In a procedural vote on Thursday, the Republican-led U.S. Senate failed to advance a bill that would prohibit taxpayer funding for abortions.
The January 17 vote to invoke cloture and end debate on the No Taxpayer Funding for Abortion and Abortion Insurance Full Disclosure Act of 2019 (S.109) needed 60 supporters. Only 48 senators, including two Democrats, voted in favor of cloture, with 47 legislators voting against it.
There are 53 Republican senators in the 116th Congress. Republican Senators Susan Collins of Maine and Lisa Murkowski of Alaska voted against the measure, while Democratic Senators Bob Casey of Pennsylvania and Joe Manchin of West Virginia voted in favor of bring the bill to a vote.
Shortly after the bill failed to advance, Marjorie Dannenfelser, head of the pro-life SBA List, praised the vote itself, saying, “Today’s vote sends a strong signal that Leader McConnell and the pro-life Senate majority will be a ‘brick wall’ against pro-abortion House Democrats’ extreme agenda, which includes forcing taxpayers to pay for abortion on demand by repealing the Hyde Amendment.”
“We are grateful to our Senate allies for standing with the majority of Americans who oppose taxpayer funding of abortion,” she added.
The No Taxpayer Funding for Abortion Act would make permanent the Hyde Amendment, a long-standing federal policy prohibiting tax dollars from paying for elective abortions. The Hyde Amendment, introduced in 1976 by Rep. Henry Hyde (R-Ill.), is not a law, but rather has been passed as a rider to budget legislation every year.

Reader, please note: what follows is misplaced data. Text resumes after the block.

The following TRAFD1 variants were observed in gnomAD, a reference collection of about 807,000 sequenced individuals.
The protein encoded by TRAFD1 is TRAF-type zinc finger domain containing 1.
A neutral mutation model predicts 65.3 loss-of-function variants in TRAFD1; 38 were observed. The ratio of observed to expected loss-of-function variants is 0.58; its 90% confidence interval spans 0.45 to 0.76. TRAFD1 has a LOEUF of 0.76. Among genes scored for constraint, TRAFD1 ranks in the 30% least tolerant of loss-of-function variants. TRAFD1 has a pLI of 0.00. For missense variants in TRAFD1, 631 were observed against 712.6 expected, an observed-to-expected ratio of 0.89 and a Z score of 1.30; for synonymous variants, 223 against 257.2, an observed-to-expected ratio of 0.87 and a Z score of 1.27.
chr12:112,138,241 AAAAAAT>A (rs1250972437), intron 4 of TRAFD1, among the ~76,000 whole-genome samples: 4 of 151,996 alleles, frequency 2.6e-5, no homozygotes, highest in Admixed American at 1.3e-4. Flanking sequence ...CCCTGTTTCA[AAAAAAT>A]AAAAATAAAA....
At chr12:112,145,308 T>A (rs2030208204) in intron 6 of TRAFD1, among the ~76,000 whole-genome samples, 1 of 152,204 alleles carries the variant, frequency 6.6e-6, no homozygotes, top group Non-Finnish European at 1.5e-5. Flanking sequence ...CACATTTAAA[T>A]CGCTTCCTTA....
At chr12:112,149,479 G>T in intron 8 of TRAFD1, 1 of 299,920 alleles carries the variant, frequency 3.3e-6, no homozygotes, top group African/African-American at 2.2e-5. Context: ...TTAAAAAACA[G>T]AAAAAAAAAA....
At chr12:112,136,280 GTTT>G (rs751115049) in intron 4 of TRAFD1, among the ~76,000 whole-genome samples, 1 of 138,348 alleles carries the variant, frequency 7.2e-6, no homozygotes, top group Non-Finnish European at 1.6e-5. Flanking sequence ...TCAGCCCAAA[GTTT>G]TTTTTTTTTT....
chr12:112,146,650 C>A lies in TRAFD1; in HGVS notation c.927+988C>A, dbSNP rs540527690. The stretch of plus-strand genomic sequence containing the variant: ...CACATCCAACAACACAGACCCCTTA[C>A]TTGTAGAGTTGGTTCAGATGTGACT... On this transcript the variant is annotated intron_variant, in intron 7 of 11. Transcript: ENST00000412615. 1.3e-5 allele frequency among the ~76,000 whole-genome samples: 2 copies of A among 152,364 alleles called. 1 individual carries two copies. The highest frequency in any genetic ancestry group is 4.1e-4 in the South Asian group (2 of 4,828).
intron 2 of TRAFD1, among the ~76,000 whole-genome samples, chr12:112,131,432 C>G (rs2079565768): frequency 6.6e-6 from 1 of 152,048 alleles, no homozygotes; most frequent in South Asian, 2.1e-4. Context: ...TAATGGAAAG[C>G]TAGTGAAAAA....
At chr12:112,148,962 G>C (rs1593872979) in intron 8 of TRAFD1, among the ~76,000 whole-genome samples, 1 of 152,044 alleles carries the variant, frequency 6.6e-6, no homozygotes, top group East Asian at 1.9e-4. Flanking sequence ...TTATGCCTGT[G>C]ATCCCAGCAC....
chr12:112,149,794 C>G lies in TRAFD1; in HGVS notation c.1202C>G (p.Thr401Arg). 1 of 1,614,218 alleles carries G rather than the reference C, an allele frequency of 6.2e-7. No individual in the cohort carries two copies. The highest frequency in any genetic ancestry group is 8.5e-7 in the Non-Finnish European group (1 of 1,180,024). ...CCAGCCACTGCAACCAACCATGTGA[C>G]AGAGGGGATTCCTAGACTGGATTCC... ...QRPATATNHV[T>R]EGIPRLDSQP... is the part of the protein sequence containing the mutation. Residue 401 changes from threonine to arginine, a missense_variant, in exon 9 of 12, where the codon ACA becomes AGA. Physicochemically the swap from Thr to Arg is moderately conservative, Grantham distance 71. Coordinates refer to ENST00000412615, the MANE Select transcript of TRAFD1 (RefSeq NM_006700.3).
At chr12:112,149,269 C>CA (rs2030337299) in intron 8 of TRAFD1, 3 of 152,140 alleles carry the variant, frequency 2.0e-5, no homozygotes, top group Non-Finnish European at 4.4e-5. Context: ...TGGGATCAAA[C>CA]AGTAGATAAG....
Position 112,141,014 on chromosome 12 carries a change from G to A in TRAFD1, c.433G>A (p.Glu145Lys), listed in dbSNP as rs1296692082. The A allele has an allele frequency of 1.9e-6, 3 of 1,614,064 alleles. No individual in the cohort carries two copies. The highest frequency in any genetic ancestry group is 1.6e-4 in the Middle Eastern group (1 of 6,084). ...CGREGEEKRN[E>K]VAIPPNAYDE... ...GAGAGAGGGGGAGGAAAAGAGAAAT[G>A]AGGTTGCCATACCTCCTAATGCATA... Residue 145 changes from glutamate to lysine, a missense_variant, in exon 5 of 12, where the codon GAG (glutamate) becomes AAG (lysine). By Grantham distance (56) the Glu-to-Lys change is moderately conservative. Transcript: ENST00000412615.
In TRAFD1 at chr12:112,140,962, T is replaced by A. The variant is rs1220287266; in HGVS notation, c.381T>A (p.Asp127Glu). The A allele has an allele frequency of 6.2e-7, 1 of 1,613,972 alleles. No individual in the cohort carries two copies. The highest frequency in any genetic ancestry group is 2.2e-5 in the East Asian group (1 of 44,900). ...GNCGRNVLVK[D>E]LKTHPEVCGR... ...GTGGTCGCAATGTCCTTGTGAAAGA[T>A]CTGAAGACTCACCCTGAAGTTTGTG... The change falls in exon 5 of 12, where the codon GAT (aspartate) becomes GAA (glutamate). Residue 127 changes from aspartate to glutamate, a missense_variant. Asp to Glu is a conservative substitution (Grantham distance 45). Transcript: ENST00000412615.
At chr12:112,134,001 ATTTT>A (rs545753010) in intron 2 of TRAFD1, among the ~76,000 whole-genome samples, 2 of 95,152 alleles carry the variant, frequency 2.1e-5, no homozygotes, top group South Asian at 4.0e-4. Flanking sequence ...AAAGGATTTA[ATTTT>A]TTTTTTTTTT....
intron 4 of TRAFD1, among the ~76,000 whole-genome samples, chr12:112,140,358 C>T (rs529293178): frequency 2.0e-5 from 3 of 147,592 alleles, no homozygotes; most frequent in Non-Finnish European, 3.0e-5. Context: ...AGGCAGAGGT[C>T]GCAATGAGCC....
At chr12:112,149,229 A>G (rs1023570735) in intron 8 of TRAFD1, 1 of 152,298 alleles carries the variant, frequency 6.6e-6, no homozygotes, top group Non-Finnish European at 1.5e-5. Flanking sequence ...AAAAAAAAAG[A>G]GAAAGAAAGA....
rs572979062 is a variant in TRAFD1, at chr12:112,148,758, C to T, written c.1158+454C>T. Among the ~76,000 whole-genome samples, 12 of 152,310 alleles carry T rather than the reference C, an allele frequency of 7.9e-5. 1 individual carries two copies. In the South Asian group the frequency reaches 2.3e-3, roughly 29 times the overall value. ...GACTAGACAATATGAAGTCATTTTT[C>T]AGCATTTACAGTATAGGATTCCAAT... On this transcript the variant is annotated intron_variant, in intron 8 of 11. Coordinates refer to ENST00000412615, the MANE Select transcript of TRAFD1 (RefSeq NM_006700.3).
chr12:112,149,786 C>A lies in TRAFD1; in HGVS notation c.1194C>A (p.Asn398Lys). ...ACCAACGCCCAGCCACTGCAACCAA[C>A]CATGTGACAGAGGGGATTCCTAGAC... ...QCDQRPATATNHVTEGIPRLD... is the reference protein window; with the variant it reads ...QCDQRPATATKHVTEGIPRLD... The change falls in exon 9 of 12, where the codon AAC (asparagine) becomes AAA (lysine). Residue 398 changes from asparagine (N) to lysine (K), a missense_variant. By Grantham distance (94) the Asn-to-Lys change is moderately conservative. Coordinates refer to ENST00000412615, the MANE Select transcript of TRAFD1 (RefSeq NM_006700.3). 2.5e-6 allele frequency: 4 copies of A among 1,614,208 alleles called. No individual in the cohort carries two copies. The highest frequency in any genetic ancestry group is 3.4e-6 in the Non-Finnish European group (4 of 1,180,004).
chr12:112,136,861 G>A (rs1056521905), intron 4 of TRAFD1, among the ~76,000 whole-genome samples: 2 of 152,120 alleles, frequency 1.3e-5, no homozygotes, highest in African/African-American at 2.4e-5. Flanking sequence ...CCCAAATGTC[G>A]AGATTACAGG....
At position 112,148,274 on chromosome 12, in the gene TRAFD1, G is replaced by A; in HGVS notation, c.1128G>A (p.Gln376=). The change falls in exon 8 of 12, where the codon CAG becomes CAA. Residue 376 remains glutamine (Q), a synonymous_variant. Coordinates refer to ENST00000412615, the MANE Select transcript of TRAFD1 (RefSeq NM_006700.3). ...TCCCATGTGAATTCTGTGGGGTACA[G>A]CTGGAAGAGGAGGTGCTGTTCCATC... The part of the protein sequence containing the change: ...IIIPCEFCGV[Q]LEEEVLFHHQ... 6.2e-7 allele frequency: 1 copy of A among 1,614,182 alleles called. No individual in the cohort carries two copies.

The act would also have barred federal subsidies from being used to purchase insurance plans which include abortion coverage and ensure full disclosure of the extent to which insurance plans on Affordable Care Act exchange fund abortion.
The bill, which has the support of the White House, was sponsored by Sen. Roger Wicker (R-Miss.).
“As thousands gather in our nation’s capital this week to March for Life, it is well past time Congress passed a comprehensive solution to the patchwork of regulations prohibiting federal funding for abortion services,” Wicker said, according to Politico. “Our legislation would create a permanent, government-wide prohibition on abortion funding so that not one taxpayer dollar goes toward the destruction of innocent human life.”
The Hyde Amendment enjoyed decades of bipartisan support, but in recent years the Democratic party has called for its repeal.
Also on Thursday, three Congressmen introduced an analogous bill in the House of Representatives.
Reps. Chris Smith (R-NJ), Dan Lipinski (D-IL), and Andy Harris (R-MD) introduced HR 20 to the lower chamber, which is controlled by the Democratic party.
“The Hyde Amendment has saved at least two million lives: because public funds were unavailable to effectuate their violent demise, these individuals survived, and their mothers benefited from prenatal health care and support,” said Smith. “Two million survivors have had the opportunity to live and enjoy the first and most basic of all human rights – the right to life. It’s time to make the Hyde Amendment permanent law.”
Lipinski said the bill “would finally make sure the Hyde protections are placed in law. This is long overdue.”
An identical bill passed the House each of the last three years.
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